TxDOT is proud to announce that the archeology publication Peering through the Sands of Time is now available for free download from Dropbox, iTunes, and the Google Play Store. This book provides an overview of TxDOT-sponsored excavations in northeastern Texas at a prehistoric Caddo settlement, dating primarily to the fifteenth and sixteenth centuries A. D. The publication includes extensive photographs of the finds and a detailed treatment of Caddo pottery manufacture. The iBook version — accessible from an iPad or Mac — also contains many interactive features, including three-dimensional models of some Caddo pots.
Unless you already have an iTunes account (and iPad or Mac) or a Google Play account, the following Dropbox link probably provides the easiest access to the PDF of the publication:
The link to the iBook on iTunes is: https://itunes.apple.com/us/book/peering-through-sands-time/id953606073?mt=11
The link to the PDF on the Google Play Store is: https://play.google.com/store/books/details/Mason_D_Miller_M_A_Peering_Through_the_Sands_of_Ti?id=AFQFBgAAQBAJ&hl=en.
Pat Mercado-Allinger and I were recently contacted by Lynne Sebastian (the archeologist representative on the Advisory Council on Historic Preservation) about an initiative she is developing to commemorate the 50th Anniversary of the National Historic Preservation Act which will be coming up in 2016. Pat and I met with Lynne at the SAAs to discuss it and have a few questions answered. Though it will be quite an undertaking, we feel it is quite possible, but only with your help.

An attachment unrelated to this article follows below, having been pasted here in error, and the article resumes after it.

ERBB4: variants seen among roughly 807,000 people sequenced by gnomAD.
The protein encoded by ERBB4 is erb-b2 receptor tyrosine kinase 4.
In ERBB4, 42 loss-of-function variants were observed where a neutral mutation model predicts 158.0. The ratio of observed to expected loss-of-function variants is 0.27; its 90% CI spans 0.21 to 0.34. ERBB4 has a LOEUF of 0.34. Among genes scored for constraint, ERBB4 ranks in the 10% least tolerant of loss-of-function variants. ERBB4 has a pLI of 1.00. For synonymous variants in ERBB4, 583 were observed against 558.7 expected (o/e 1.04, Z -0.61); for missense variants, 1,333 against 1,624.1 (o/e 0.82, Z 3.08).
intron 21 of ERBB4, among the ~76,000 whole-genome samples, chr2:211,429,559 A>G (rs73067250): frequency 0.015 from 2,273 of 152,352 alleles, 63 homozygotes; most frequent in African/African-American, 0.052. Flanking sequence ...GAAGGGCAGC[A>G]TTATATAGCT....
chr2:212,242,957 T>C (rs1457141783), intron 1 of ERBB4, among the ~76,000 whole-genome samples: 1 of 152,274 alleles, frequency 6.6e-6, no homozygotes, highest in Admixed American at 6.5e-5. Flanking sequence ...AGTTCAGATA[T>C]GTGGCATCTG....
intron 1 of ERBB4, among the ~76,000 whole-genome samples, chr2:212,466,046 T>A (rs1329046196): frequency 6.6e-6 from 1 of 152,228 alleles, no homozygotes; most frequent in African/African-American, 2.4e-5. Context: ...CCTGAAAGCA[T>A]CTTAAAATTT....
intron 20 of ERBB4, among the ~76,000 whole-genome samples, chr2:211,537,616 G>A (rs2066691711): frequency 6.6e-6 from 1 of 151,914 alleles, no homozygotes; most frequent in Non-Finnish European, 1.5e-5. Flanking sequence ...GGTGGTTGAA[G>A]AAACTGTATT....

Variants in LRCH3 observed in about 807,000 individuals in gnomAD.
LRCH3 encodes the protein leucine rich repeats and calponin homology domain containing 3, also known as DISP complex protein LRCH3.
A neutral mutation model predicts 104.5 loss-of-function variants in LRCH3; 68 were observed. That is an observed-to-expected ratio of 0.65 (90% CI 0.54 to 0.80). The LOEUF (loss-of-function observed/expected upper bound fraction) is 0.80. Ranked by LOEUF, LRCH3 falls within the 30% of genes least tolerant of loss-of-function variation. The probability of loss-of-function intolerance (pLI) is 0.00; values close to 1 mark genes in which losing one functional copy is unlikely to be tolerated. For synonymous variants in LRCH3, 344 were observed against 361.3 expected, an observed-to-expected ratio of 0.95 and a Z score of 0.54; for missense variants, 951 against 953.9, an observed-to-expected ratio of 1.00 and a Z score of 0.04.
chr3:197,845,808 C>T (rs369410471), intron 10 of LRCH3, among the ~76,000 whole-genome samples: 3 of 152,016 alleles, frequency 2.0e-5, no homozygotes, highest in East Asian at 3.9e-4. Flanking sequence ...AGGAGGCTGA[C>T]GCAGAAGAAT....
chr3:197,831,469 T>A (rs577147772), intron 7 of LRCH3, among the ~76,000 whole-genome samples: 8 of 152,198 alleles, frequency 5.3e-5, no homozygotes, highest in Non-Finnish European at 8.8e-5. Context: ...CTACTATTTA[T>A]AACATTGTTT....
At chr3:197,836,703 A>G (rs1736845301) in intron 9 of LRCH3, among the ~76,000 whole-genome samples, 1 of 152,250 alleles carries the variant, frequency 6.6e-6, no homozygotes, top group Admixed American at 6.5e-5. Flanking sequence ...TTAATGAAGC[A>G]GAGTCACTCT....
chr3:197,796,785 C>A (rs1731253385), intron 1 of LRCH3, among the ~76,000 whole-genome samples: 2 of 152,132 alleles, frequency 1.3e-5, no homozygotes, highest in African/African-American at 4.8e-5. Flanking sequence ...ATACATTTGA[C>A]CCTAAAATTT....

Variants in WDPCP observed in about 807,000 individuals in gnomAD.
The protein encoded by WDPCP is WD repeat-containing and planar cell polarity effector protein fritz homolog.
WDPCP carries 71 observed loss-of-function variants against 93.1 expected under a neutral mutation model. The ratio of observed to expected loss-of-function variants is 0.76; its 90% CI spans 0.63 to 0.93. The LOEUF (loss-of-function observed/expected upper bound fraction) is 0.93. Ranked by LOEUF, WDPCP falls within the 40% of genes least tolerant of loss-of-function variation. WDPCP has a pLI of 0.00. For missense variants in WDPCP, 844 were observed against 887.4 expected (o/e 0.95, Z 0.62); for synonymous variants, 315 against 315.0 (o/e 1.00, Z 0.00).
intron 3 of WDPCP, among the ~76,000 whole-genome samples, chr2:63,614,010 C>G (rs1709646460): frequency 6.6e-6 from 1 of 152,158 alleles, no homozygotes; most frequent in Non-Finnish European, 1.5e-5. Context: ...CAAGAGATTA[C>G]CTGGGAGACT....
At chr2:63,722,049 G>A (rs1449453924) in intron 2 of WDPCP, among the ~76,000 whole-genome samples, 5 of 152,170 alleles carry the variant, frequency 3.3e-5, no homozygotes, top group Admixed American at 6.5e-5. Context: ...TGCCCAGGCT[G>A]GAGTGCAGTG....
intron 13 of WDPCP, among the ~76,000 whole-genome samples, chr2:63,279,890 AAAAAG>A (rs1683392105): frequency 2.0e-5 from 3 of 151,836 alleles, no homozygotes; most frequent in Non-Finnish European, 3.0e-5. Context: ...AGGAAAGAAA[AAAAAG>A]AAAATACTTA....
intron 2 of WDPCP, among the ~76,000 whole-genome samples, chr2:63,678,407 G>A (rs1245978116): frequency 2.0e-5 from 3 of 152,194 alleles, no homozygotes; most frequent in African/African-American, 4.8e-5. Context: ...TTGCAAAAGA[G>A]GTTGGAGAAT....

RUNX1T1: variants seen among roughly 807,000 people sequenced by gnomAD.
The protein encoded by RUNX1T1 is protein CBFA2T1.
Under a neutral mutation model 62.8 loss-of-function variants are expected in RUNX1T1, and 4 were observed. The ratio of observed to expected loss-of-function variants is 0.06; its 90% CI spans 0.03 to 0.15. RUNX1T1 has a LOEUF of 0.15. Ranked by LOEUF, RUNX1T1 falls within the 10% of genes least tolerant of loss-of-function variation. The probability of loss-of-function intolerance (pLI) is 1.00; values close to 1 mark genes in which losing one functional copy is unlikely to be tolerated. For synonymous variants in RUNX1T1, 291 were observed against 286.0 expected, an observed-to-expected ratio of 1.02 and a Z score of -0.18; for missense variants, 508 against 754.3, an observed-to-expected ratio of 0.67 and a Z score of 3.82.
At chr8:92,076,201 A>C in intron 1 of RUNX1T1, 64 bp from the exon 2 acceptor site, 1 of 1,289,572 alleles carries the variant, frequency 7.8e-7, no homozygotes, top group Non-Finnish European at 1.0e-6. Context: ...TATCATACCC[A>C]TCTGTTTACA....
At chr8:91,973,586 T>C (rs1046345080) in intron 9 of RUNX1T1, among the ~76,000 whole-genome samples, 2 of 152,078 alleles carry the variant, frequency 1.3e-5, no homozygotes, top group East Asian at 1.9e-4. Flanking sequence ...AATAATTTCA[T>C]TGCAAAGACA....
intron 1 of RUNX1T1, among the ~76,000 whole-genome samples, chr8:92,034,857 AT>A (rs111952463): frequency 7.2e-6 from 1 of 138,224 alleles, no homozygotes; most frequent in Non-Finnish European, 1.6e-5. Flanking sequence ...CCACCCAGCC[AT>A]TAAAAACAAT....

The initiative, called MAP (Making Archeology Public) will be a series of videos that are web-based and interactive and would present some aspect(s) of life in the past that we only know of due to CRM or NRHP-based archeology. Each state is asked to develop a series of story boards that could be developed into a short 10-15 minute video. The only “rules” are that it must be about life in the past; was determined from CRM archeology; and is appealing to the public. I’ve attached the original hand-out that was sent to us with some details. There is a steering committee made up of a representative each from SAA, SHA, ACRA, and RPA that will help pull this all together. The Archaeology Channel has also stepped up to participate.
What is needed are a couple of things: someone to spearhead this (with a team) and develop the storyboards, which need to be in place by the end of the year. And, of course, a request for money (approximately $2000) from each state to help make this happen. As we had our Spring meeting and approved the budget for next year, there is no way that I can ask CTA to contribute to this without a vote, and we all know that won’t happen until October. So I hope that we might be able to collect the funds needed from firms that are doing CRM in Texas.
I think that Texas may have a step-up in that Texas Beyond History is an incredible tool that could be a guide, offer insight and potential story lines. Also, CRM archeology has provided us with a number of projects that have enhanced our understanding of the past in ways that would have not happened prior to NRHP (e.g., Wilson-Leonard, Freedmans’ Cemetery, among many others).
Things need to begin moving if we’re to accomplish this in the current timeline. So I hope that I can count on some folks out there who would like to help tell the Texas story. Please contact me or Pat if you have any ideas, questions, would love to take this on, or would like to participate as a team member.
For your information, attached is the parking map you will need for the CTA Spring meeting on March 21st.